“Our elders advised us to remind people, through example, what the Black Hills were for. In ancestral times no one lived there, they were only visited in times of prayer. They were a place to set aside our differences and pray for all our relations,” says Johnston. “The event is an opportunity rarely offered to much of Indian country’s passionate talent and leadership. The ability to learn from each other in way that is inviting to people from all walks of life critical in these times, and I am honored to be a small part of it.”
In addition to the music, the Black Hills Unity Concert will host community leaders from 12 Lakota, Dakota and Nakota reservations to present their solutions to their respective communities’ most pressing social and environmental challenges.
“Reconciling divided cultures and finding a solution to the Black Hills issue lies at the heart of the concert, yes, but it is also much more than that," says Johnston. "It is a place for people to put their minds together and pray for solutions to the social, environmental and indigenous issues that we face today.”
The once-in-a-lifetime event is hosted at Elk Creek Resort, an all-in-one resort in the Black Hills that nests in the Elk Creek Valley, commonly known as “the Rest of the Black Hills.” It is home to many attractions and features, but unlike many resorts in the Black Hills, the Elk Creek Resort features the Petrified Forest of the Black Hills, which includes a one-hour tour that features the history of the Black Hills from the Earth’s beginning to present-day.
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Sweden is a world leader in renewable energy consumption. Swedish Institute/World Bank
Naturally Warm<p>54% of Sweden's power comes from renewables, and is helped by its geography. With plenty of moving water and 63% forest cover, it's no surprise the <a href="https://sweden.se/nature/energy-use-in-sweden/#" target="_blank">two largest renewable power sources</a> are hydropower and biomass. And that biomass is helping support a local energy boom.</p><p>Heating is a key use of energy in a cold country like Sweden. In recent decades, as fuel oil taxes have increased, the country's power companies have turned to renewables, like biomass, to fuel local 'district heating' plants.</p><p>In Sweden these trace their <a href="https://www.sciencedirect.com/science/article/pii/S0360544217304140#fig3" target="_blank">origins back to 1948</a>, when a power station's excess heat was first used to heat nearby buildings: steam is <a href="https://www.sciencedirect.com/topics/engineering/district-heating-system" target="_blank">forced along a network of pipes</a> to wherever it's needed. Today, there are around 500 district heating systems across the country, from major cities to small villages, providing heat to homes and businesses.</p><p>District heating used to be fueled mainly from the <a href="https://www.sciencedirect.com/science/article/pii/S0360544217304140" target="_blank">by-products of power plants</a>, waste-to-energy plants and industrial processes. These days, however, Sweden is bringing more renewable sources into the mix. And as a result of competition, this localized form of power is now the country's<a href="https://www.sciencedirect.com/science/article/pii/S0360544217304140#fig3" target="_blank" rel="noopener noreferrer"> home-heating market leader.</a></p>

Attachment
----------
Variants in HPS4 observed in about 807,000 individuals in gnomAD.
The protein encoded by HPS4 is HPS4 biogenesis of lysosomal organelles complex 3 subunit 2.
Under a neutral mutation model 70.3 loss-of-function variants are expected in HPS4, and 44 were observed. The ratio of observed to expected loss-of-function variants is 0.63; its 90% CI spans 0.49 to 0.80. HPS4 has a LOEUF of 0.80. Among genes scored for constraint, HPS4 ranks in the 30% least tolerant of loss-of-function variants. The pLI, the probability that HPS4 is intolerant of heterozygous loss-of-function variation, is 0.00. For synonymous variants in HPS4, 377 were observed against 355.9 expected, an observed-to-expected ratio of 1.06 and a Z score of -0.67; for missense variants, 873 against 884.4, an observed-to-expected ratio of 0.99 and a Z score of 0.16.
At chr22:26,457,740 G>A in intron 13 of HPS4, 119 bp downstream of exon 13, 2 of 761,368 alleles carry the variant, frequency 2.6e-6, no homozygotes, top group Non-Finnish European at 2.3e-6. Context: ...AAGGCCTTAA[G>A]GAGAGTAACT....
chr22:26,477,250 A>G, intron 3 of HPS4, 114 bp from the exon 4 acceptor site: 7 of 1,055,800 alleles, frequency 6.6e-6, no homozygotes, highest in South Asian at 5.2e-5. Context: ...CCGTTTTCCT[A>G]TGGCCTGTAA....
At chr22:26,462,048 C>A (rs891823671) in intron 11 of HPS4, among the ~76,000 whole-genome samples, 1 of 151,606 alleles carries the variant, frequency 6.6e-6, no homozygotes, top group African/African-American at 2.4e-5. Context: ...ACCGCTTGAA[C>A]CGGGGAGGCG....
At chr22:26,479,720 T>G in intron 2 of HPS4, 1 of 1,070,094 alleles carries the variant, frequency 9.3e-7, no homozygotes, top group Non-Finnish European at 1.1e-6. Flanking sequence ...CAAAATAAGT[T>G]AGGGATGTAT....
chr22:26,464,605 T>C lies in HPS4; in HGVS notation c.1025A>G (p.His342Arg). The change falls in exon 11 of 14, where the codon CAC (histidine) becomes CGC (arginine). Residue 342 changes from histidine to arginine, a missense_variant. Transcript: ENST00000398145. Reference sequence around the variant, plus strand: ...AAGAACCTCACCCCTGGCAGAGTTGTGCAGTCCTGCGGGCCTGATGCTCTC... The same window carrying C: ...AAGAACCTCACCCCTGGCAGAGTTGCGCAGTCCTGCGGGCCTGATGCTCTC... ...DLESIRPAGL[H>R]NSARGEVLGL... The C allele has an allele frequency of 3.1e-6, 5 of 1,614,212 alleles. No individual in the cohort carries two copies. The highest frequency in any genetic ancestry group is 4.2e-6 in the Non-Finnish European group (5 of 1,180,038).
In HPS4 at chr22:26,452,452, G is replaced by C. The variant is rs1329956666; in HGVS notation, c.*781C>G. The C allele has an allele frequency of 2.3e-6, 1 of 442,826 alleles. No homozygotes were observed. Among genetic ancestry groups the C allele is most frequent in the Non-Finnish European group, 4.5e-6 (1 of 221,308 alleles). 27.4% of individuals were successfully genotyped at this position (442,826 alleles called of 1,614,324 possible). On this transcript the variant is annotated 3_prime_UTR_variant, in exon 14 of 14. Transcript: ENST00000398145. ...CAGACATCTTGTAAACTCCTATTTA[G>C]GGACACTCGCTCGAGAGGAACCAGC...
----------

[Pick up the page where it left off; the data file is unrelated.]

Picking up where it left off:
Sweden is using smart grids to turn buildings into energy producers. Huang et al/Elsevier
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<div id="d7bf9" class="rm-shortcode" data-rm-shortcode-id="8757b138d5570bec9d6aad18074a429a"><blockquote class="twitter-tweet twitter-custom-tweet" data-twitter-tweet-id="1273556364263071744" data-partner="rebelmouse"><div style="margin:1em 0">Read more about Western Harbour and book a visit: https://t.co/ujSmVs9rNK 🏡🌳🌊 https://t.co/C5PuPziqIM</div> — Smart City Sweden (@Smart City Sweden)<a href="https://twitter.com/SmartCitySweden/statuses/1273556364263071744">1592474473.0</a></blockquote></div>